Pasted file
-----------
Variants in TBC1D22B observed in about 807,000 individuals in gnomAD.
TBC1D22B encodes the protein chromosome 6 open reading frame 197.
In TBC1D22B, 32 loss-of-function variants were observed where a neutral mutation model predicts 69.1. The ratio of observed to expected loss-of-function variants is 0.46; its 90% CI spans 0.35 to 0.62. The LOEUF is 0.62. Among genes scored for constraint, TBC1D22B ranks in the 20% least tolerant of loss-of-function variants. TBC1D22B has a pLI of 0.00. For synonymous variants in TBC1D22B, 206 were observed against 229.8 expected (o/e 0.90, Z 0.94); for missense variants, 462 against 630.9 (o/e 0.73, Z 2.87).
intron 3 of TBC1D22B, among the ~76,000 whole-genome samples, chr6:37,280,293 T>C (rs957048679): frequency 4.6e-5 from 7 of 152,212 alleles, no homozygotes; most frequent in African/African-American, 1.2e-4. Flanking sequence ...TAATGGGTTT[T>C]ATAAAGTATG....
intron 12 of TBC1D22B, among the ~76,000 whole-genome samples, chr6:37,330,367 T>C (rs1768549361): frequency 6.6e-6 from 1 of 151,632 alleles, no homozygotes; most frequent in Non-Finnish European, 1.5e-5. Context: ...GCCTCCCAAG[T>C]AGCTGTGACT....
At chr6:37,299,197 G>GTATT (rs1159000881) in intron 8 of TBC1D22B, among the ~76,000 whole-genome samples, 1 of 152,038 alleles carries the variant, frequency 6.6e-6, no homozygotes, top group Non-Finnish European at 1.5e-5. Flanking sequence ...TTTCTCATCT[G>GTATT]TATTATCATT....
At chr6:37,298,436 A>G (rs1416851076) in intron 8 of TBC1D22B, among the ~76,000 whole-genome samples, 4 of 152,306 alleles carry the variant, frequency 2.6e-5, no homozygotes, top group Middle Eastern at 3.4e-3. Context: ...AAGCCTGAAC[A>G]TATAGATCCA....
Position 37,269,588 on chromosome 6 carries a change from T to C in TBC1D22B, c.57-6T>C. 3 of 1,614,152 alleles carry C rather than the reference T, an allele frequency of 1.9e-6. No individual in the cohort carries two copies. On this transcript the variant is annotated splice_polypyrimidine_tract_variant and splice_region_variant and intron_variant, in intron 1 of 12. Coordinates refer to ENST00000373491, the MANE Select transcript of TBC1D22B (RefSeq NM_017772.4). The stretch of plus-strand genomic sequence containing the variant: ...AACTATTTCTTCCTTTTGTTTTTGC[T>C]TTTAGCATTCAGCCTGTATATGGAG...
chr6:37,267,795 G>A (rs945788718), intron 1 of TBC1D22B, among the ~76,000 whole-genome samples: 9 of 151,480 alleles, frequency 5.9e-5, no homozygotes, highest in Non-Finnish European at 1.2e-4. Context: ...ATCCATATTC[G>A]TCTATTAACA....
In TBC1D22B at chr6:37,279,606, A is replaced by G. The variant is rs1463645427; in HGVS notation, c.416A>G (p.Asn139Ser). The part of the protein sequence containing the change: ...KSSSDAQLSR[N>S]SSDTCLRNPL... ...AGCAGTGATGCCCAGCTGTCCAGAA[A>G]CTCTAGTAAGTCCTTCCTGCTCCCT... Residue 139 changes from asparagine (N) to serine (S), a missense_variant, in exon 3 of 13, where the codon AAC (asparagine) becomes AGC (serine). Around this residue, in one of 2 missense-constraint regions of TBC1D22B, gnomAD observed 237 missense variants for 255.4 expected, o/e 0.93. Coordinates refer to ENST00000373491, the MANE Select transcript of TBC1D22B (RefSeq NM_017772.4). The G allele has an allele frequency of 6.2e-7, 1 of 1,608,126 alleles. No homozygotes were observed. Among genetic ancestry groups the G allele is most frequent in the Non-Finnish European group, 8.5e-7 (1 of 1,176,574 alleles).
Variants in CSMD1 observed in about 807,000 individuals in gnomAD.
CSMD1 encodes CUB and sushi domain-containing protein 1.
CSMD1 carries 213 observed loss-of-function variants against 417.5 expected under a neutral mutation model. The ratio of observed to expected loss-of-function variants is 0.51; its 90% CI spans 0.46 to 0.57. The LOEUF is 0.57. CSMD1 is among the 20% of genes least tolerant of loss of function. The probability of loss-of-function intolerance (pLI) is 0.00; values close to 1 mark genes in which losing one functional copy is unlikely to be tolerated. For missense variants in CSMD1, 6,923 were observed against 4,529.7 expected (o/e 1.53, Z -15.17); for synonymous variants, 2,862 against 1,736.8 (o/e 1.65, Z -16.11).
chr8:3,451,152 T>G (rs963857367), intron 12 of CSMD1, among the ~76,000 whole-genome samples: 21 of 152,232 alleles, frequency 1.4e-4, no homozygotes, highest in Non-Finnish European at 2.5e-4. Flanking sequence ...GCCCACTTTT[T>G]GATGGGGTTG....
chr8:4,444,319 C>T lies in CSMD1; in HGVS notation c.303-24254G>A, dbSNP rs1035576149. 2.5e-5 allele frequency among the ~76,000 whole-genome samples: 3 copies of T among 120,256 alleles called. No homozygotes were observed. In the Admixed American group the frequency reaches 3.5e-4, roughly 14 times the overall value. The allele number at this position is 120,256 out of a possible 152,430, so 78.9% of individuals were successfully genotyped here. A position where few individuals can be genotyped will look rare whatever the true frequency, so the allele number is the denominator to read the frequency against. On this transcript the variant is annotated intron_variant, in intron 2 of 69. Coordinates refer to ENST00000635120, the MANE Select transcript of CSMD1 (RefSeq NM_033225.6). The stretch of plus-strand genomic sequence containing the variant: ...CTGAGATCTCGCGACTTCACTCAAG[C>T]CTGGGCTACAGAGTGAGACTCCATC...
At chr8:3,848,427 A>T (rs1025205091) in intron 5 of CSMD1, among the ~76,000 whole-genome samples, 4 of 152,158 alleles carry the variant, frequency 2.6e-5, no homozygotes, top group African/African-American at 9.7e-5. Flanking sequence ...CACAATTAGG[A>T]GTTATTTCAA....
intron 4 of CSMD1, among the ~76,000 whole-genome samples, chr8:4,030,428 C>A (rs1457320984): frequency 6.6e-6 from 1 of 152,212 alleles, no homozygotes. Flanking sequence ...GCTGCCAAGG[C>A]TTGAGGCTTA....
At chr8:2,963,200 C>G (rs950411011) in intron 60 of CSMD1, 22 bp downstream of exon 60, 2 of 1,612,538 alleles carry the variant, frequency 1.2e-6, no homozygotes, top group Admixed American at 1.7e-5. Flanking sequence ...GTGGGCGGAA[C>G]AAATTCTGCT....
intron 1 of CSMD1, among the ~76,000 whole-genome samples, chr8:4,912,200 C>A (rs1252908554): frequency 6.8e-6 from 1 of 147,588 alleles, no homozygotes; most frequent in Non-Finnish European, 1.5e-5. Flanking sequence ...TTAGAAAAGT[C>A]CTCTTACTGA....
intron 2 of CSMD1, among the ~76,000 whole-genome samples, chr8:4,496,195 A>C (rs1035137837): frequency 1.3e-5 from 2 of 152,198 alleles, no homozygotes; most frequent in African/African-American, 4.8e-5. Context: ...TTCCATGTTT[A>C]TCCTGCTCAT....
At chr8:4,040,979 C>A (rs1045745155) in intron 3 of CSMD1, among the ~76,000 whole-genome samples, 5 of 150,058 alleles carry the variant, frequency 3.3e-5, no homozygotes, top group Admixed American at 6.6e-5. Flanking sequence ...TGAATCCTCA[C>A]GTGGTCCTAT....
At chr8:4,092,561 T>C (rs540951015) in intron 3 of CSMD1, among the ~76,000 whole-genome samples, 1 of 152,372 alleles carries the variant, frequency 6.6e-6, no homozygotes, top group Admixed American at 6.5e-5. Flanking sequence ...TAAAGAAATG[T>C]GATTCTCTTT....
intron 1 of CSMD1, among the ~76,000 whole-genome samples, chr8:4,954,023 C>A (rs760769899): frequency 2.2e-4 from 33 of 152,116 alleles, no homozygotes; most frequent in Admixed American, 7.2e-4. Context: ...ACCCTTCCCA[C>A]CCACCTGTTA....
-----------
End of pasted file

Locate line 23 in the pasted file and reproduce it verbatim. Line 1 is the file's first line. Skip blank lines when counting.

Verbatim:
intron 1 of CSMD1, among the ~76,000 whole-genome samples, chr8:4,954,023 C>A (rs760769899): frequency 2.2e-4 from 33 of 152,116 alleles, no homozygotes; most frequent in Admixed American, 7.2e-4. Context: ...ACCCTTCCCA[C>A]CCACCTGTTA....